Matt Stoller uses that famous quotation from Justice Louis Brandeis in an impressive article surveying how neoliberal policies and ideology came to dominate the Democratic Party, How Democrats Killed Their Populist Soul The Atlantic 10/24/2016. He gives a nuanced description of how Democrats of the Watergate Babies wave of the 1970s built a programmatic approach that combined socially liberal commitments to an economic doctrine of deregulation that eventually facilitated the Reagan Revolution and, more recently, spawned the conditions for the Great Recession.
Matt isn't focusing so much on the lessons of the Progressive Era as he is the New Deal. He makes the important point that New Dealers favored antitrust enforcement primarily because they recognized that the excessive organizational concentration in business created an imbalance of power that endangered democracy, even undermined it.
A closely related piece is "Challenging the New Cuse of Bigness" by K. Sabeel Rahman The American Prospect Fall 2016. As of this writing, it's not yet available on the website,though presumably it will be soon. In the Prospect's current quarterly format, they present articles clustered around an organizing theme, featuring the analysis and policy wonkery for which they are well known. Rahman writes:
From too-big-to-fail finance to new concentrations of power among internet and tech giants like Google, Amazon and Uber, the problem of bigness is again a central concern. In this new Gilded Age, addressing the problem of private power requires looking back at the strategies of Progressive Era reformers, reviving and adapting these concepts and tools of antitrust, public utility, and public options to address the new forms of private power dominating today's economy.The two articles complement each other. Matt's focuses more on how the Democrats' version of neoliberalism and the political articulation of it developed since the 1970s. And he raises an important question about the policy options of antitrust vs. regulation.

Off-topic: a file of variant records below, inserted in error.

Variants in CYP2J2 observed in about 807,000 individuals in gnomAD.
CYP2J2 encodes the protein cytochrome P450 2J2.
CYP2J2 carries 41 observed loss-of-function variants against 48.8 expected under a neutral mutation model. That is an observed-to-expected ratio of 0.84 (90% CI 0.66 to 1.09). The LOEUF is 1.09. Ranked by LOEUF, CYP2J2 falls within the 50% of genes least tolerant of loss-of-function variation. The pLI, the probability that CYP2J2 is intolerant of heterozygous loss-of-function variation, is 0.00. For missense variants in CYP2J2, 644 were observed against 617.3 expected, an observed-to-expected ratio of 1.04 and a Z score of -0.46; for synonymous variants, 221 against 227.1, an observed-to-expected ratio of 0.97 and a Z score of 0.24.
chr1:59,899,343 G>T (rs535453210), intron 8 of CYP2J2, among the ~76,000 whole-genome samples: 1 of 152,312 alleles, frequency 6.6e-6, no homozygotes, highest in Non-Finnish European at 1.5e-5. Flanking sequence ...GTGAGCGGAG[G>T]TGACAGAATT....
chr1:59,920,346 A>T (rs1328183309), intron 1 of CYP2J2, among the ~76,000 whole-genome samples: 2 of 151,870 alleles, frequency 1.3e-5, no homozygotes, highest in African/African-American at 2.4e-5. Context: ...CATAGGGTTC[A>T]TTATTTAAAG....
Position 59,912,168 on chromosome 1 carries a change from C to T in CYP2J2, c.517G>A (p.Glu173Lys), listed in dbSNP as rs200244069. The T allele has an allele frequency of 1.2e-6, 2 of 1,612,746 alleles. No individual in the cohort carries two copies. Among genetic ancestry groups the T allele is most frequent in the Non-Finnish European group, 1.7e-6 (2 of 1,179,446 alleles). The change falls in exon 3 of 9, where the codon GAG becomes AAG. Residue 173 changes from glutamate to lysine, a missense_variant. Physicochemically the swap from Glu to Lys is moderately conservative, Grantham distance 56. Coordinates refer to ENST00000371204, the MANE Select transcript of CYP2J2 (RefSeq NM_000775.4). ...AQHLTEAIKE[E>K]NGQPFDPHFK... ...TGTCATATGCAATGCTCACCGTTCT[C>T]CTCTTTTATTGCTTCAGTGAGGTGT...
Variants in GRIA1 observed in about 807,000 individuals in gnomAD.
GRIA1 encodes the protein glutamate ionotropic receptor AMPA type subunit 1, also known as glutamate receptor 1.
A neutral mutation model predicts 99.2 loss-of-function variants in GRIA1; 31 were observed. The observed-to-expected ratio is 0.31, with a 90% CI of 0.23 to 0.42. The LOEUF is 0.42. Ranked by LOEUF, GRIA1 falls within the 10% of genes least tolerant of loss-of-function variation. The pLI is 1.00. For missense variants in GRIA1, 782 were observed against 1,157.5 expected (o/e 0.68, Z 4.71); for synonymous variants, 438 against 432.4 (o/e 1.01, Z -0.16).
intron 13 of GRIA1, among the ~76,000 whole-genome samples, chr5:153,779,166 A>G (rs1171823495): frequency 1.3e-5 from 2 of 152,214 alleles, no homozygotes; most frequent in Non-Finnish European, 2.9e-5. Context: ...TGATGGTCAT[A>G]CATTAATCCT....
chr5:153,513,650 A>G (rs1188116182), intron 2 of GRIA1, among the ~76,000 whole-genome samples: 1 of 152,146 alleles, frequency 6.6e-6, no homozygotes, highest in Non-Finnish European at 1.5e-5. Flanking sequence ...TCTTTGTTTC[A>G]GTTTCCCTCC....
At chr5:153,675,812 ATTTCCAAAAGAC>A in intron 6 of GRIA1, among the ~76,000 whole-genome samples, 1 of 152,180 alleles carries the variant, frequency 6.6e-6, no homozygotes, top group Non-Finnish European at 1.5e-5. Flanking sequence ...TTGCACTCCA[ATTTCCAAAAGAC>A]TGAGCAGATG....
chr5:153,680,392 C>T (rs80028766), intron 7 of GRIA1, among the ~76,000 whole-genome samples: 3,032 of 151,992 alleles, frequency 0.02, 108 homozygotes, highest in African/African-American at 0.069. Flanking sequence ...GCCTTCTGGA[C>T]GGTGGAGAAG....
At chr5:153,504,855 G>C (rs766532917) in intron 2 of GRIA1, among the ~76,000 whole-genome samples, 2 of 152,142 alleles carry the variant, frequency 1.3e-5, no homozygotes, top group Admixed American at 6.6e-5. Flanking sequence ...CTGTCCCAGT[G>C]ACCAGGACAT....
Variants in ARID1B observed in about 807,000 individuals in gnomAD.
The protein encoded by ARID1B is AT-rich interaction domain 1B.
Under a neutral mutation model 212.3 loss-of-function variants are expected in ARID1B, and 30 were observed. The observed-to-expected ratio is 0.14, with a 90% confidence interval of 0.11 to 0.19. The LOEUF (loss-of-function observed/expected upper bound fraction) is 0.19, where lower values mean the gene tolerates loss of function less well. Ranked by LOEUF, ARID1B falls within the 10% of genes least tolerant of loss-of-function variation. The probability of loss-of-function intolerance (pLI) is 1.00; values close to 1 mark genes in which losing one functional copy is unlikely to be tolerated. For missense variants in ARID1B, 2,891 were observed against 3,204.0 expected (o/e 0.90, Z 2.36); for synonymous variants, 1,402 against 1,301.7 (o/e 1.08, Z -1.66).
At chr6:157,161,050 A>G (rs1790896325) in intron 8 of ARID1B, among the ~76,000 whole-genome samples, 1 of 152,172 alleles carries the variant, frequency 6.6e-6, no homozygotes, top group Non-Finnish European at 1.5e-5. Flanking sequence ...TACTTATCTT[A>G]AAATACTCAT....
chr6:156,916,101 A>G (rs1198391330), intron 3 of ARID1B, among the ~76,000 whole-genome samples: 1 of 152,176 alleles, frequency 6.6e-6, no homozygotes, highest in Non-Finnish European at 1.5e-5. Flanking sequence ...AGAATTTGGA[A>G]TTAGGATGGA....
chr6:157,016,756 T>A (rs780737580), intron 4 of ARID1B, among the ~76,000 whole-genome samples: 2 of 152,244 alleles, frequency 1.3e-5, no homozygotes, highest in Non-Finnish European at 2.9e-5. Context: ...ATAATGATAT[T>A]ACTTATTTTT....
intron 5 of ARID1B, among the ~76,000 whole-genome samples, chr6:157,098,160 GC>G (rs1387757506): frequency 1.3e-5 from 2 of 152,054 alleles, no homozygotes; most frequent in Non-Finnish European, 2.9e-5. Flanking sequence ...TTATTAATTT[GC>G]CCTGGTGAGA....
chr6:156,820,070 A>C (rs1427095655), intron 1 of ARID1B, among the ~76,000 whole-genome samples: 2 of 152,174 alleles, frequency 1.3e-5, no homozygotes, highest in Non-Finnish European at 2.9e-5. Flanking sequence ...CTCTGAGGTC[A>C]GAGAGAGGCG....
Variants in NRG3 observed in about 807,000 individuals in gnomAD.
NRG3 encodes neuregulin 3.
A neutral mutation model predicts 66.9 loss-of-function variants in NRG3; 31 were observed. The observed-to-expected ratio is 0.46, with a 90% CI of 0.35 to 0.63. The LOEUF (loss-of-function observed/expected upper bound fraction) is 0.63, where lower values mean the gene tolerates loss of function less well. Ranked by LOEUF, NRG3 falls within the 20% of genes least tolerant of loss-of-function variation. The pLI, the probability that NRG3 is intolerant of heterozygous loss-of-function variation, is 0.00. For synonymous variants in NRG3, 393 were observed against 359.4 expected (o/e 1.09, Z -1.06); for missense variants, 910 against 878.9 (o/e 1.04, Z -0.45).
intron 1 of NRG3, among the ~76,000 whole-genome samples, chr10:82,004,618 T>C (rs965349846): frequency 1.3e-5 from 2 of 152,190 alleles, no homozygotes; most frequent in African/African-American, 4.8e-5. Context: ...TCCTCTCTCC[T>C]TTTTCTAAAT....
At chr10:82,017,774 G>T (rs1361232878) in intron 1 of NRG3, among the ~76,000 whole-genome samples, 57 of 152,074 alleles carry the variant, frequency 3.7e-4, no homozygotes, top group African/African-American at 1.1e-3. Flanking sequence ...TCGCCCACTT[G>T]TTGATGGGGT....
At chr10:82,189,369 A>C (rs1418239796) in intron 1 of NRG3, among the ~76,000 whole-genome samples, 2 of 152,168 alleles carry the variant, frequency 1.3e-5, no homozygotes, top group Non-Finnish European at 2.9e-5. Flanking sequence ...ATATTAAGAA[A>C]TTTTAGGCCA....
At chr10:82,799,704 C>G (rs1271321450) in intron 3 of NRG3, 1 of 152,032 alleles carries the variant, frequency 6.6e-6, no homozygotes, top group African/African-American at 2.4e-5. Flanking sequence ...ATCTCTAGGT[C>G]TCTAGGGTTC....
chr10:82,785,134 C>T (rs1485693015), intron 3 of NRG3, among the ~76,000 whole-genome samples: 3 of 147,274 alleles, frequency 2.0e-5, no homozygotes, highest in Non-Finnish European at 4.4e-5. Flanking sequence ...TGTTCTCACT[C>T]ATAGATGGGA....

Rahman digs more deeply into the economic and political theories behind Progressive ideas, may of which became part of the New Deal. And the triad of approaches mentioned in the quote above of antitrust, public utility and public option provides important context into how the three approaches interacted and complemented each other.
Both of them also mention how conservative used the idea of "regulatory capture" to politically discredit the concept of regulation.
And both are admirable exercises in developing a "useful past" that looks at how past experiences can inform the political and policy challenges of the present. And hopefully doing so without resorting to anachronism, the habit of projecting today's conditions and assumption unrealistically onto the past.
And since I opened with the Brandeis quote, I'll include this segment from a tribute to Brandeis earlier this year from the Jesuit magazine America (Joseph McAuley, Justice Brandeis and "The Right to Be" 01/27/2016):
The Brandeis worldview was simple: he was an avowed enemy of those who looked upon the common people with distaste and disdain, even though he himself was comfortably well-off. He placed himself on the side of those who were without power and influence; he believed that the poor, the immigrant and the downtrodden had rights that deserved to be respected. And he also believed that women had rights, too. He was the first to explain what was to become known as the “right to privacy.” He was a deeply learned man who had a social conscience and believed in the betterment of society.
He had entered Harvard Law School at the age of 18, and when he graduated in 1877, he had earned the highest honors in the law school’s history. (What made this unusual was that he achieved this distinction without ever having gone to college or university. Though he hadn’t reached the required age—21—for graduation, Harvard Corporation passed a resolution allowing him to receive his law degree.) And from there, his work and tireless efforts on behalf of human and civil rights earned him the title, "The People’s Lawyer."
He lived in a time of foment and change; he lived in the “Progressive Era” and the term adequately described him. He fought against unjust laws and discrimination. He passionately believed in free speech; at the same time, he was equally passionate about fairness, whether it involved banking or insurance, wages and labor regulations, and of monopolies of any kind. In time, he would become renowned for the “Brandeis Brief,” whereby his marshalling of facts, reason and common sense in the service of his beliefs and his clients would come to serve as a model for future Supreme Court presentations. He was a model of judicial liberalism, a liberalism that comprised of both the theoretical with the practical. For Louis Brandeis, both were essential, not only in life, both also in law.